In front of me then, they sat mystically in Brant’s hand, the shells glittering bright rays of light in the late afternoon sun, the tip of greyish lead heavily refusing to reflect any light at all. Then Brant clapped them all together in a fist and headed up the bank toward the tracks. I started after him, half expecting him to wheel out a gun for them at any minute, hoping he was just going to relieve himself rather than starting to open fire on something, or trying some other dangerous stunt. It was dangerous, as it turned out, but I didn’t say anything. I just stood there by the rails, taking a plug off the chewing tobacco Dewey brought along, my mind watching from some faraway place as he set them up single file on the left rail.

“The train wheels should set ’em off the second they hit,” he smiled smugly, eagerly forming his plan. “All we have to do is stand here by the rails until they do. How’s that for a challenge, huh? Oh, and the first one to jump is pussy of the year.

I didn’t say anything. but I thought a lot about it. About how stupid it was, how dangerous it was, and how weird a person’s brain had to be to think things like that up. I thought about how I should bug out right then, just yell “Screw you, Brant!” and take off for home. But that would have made me green. And if it was one thing we all had to show each other back then, it was that we were no cowards.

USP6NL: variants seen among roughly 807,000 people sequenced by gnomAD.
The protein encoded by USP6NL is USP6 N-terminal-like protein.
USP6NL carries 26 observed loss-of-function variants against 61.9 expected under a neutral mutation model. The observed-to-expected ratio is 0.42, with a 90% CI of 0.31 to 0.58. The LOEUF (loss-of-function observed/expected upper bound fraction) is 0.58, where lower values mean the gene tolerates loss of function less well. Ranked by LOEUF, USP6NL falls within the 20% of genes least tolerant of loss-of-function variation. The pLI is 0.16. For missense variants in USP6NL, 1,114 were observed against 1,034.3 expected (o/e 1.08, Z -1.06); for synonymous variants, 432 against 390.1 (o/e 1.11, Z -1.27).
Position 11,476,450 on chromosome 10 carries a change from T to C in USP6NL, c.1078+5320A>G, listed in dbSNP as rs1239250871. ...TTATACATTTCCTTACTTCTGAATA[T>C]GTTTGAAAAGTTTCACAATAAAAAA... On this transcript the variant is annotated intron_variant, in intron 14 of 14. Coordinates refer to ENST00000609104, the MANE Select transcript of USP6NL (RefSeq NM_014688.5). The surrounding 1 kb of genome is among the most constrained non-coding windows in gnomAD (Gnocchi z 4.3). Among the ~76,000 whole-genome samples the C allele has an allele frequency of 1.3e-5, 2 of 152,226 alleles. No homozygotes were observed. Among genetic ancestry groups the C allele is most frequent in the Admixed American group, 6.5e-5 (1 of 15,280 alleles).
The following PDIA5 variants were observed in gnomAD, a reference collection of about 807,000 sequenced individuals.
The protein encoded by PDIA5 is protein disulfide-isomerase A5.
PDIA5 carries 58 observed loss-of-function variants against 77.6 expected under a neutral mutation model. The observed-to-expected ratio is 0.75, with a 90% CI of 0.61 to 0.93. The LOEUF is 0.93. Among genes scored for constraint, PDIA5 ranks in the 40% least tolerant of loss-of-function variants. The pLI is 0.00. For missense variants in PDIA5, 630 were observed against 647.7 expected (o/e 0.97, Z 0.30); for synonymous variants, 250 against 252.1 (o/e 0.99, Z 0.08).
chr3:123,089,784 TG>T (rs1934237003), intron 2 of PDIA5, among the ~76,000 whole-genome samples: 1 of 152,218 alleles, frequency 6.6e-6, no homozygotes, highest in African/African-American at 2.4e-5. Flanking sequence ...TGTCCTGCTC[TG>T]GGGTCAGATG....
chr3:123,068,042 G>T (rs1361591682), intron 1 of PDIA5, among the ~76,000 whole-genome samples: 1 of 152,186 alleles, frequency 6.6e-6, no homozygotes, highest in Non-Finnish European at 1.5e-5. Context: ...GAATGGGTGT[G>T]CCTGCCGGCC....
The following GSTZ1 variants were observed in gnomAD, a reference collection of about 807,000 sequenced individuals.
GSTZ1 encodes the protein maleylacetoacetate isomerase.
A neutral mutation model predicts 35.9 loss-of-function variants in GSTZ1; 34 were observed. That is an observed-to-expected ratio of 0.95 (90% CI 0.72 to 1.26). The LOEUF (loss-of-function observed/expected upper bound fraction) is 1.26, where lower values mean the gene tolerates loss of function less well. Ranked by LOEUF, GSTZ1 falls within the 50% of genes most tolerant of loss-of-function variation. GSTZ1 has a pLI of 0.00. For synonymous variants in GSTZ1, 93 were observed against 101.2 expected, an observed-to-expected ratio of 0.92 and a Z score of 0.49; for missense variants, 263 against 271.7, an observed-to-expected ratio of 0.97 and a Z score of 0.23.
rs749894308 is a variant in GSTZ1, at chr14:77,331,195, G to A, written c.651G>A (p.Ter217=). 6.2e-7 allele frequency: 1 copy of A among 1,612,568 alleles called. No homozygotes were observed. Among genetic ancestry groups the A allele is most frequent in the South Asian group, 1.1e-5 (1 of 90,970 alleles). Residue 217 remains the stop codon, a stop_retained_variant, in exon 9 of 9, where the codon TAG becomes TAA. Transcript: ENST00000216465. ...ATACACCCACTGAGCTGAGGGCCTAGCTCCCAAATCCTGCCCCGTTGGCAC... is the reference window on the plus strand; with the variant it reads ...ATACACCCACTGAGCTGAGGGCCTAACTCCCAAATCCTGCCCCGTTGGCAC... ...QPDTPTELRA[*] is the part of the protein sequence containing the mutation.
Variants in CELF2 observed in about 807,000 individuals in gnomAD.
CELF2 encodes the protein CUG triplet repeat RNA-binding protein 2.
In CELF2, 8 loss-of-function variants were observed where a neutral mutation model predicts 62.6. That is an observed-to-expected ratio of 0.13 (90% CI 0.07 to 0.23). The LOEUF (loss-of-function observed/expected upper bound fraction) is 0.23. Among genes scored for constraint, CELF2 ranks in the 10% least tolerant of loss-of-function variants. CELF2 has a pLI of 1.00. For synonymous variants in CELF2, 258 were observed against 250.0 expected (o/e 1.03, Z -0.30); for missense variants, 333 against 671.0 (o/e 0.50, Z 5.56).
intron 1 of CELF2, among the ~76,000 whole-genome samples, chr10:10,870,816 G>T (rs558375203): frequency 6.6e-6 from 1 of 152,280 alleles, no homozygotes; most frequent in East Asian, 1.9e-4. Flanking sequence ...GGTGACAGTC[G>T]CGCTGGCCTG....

So there we were, Brant, John, Dewey, me, and Kirby, although Kirby wouldn’t set foot near the tracks, bullets or no bullets, with a train coming (he began to conveniently get sick on the tobacco and had to lie down). We lined up next to the rails, determination in our eyes as the bullets gleamed in front of us. John was the first one to hear the train, and as we stepped closer to Brant’s orders, I could hear him softly muttering a short prayer over and over to himself. Dewey stood on the far right side of me, the last person in our Fearless Freddy Fan Club.

Then the first heavy rumbling of the cars came, John reeled as it got louder, and I thought surely he was going to collapse over the tracks, but he didn’t, and we all stood still as the train came on. The churning squeak of the wheels hit our ears, and I stared blankly at the bullets in front of us, thinking how small they seemed under the wheels of the 4:40. But the more I looked, the larger they began to appear, until it seemed they were almost the size of cannonballs. I shut my eyes and prayed with John. In the distance. the whistle rang out a terrifyingly loud Hooooo-HOO Hoooo, and I was sure it was on top of us, sure that I would feel the cracks of lead pounding in my ears any second, feel the hot metal in my legs. Then the steady thud-thud-thud of its wheels grinding closer bit into my ears, and I screamed, turned, and fell down the slope to where the black gravel ended and the high meadowy grass began. I ran and didn’t stop or look back until I was what felt like at 149

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Categories: Stephen King